The Treasury Department announced today that it would remove Andrew Jackson from the $20 bill and put freedom fighter Harriet Tubman in his place. She helped rescue hundreds of Black Americans from slavery. The change stems from a petition to replace Jackson—it’s worth remembering that he owned slaves—with Tubman, signed by many and sent to President Obama.
Tubman’s position on the currency is an important historical gesture. Tubman worked tirelessly to free so many people from what is arguably the darkest part of American history. As the widow of a war veteran, she also used the pension she received from the government to help in her service as a nurse, scout, cook, and spy during the Civil War.
This bill change comes as part of a few other changes to American currency. The Treasury Department had already announced that depictions of women would be placed on bills. New designs are to be released by 2020, in time for the hundred-year anniversary of women’s suffrage and the 19th Amendment to the Constitution. Those bills would not enter into circulation for another ten years.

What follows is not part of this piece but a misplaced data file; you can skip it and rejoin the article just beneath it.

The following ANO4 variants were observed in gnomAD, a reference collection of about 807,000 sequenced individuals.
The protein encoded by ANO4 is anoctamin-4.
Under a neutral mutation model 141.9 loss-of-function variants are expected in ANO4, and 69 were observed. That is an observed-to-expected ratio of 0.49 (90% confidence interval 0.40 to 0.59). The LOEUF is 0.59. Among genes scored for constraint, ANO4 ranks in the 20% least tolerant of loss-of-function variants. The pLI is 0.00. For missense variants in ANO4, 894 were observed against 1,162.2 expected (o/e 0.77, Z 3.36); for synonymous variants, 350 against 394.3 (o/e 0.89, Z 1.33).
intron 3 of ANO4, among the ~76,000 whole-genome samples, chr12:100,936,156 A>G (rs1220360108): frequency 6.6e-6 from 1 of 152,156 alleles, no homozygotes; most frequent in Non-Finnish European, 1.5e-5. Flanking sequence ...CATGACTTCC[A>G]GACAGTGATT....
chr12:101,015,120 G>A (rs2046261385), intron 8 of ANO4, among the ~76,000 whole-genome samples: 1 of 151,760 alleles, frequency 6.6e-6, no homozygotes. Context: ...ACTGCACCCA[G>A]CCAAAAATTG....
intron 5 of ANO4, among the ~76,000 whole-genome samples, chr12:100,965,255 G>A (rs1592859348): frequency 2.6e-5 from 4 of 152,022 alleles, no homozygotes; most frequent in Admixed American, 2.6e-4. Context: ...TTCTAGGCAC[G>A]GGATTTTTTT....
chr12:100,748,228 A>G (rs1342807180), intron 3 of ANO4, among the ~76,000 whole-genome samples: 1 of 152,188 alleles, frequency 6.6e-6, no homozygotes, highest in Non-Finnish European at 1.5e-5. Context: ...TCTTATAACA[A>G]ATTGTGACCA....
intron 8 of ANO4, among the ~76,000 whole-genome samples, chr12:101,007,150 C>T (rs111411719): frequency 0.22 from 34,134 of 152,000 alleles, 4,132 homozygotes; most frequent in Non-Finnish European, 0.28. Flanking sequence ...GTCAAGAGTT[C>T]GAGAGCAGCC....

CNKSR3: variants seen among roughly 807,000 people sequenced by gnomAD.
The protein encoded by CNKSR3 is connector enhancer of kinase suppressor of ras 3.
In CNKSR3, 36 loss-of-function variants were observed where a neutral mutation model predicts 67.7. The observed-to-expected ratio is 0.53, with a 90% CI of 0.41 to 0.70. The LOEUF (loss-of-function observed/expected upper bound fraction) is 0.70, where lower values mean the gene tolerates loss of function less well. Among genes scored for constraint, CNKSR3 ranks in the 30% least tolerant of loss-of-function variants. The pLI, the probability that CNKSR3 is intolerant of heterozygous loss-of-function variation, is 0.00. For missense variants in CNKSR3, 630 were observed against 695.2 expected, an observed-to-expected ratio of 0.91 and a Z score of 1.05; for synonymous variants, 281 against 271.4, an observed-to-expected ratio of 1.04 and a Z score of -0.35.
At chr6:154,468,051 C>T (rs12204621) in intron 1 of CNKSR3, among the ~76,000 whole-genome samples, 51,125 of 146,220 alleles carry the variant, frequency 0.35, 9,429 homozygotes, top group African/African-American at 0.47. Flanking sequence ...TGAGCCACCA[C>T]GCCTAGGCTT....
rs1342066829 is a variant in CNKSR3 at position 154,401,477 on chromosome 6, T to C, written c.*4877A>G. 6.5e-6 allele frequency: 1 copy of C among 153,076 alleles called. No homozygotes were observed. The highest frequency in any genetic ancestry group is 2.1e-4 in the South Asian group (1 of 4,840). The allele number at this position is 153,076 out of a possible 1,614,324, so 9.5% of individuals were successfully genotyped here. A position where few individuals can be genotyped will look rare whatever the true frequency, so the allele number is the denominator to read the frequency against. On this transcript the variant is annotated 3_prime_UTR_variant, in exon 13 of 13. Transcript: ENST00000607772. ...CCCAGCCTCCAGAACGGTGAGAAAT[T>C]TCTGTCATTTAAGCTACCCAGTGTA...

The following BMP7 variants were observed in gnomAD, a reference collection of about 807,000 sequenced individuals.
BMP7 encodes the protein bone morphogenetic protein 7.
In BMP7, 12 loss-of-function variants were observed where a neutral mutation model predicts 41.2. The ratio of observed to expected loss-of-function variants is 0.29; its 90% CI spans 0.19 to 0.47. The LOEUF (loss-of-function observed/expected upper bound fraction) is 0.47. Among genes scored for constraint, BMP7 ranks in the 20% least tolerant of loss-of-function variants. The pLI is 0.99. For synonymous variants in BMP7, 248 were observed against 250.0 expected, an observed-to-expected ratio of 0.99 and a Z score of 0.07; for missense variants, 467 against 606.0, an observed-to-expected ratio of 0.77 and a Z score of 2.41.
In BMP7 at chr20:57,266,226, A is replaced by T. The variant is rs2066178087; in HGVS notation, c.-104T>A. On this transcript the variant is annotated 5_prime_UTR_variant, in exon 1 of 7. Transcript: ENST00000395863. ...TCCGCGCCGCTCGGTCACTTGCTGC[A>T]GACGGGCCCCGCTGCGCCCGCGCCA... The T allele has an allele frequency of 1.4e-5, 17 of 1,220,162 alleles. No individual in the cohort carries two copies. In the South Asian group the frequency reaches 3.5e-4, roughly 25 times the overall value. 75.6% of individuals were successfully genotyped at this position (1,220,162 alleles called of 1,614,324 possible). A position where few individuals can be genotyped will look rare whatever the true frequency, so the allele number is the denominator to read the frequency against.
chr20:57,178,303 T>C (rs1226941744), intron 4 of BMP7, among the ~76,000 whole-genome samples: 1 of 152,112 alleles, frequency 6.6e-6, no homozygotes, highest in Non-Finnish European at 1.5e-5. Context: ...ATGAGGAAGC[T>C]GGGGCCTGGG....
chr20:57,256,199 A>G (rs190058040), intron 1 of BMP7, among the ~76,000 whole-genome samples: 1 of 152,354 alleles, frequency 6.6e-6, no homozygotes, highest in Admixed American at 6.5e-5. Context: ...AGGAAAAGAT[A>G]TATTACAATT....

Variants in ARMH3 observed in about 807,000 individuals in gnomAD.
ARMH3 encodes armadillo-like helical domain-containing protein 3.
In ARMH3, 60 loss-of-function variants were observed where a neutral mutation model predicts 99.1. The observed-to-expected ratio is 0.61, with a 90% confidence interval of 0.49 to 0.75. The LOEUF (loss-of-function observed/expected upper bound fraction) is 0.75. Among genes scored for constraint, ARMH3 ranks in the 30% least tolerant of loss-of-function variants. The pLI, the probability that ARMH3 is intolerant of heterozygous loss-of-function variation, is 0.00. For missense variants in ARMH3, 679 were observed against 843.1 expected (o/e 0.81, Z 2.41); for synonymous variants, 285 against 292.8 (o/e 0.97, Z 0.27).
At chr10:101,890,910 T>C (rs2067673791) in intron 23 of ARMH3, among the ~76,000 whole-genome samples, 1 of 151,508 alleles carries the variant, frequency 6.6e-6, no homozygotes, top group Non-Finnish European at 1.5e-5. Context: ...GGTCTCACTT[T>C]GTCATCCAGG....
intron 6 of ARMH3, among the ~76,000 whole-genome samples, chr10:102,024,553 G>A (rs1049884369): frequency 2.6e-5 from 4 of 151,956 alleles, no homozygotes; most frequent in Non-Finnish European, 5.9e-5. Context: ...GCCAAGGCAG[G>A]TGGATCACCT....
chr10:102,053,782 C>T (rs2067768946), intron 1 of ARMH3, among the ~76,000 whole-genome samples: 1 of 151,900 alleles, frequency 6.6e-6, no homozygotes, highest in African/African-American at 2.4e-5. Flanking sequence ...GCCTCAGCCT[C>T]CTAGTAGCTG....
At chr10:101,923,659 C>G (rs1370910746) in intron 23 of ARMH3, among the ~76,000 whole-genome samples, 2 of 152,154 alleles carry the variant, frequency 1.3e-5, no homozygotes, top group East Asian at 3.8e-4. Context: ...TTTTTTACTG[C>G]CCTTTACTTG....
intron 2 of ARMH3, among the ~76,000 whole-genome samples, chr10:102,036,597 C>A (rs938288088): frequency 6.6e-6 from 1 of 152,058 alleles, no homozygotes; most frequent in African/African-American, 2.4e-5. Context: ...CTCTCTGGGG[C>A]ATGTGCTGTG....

Andrew Hamilton, whose face graces the $10 bill, is staying right where he is. A woman’s image could be placed on the back of that bill and others. The currently-popular musical about Hamilton has propelled his cult following.
Some women, however, would like to see Hamilton replaced with another woman’s image. A win for the “hottest” founding father meant a loss for many women who could have been placed on the bill, some say.
“It’s yet another ‘wait your turn’ moment for American women,” says Cokie Roberts, a political commentator.
Still, for now, placing Tubman on the bill is a good way to promote visibility for her story, the Civil Rights movement, and is perhaps one way the government wants to show solidarity with current civil rights movements and activists.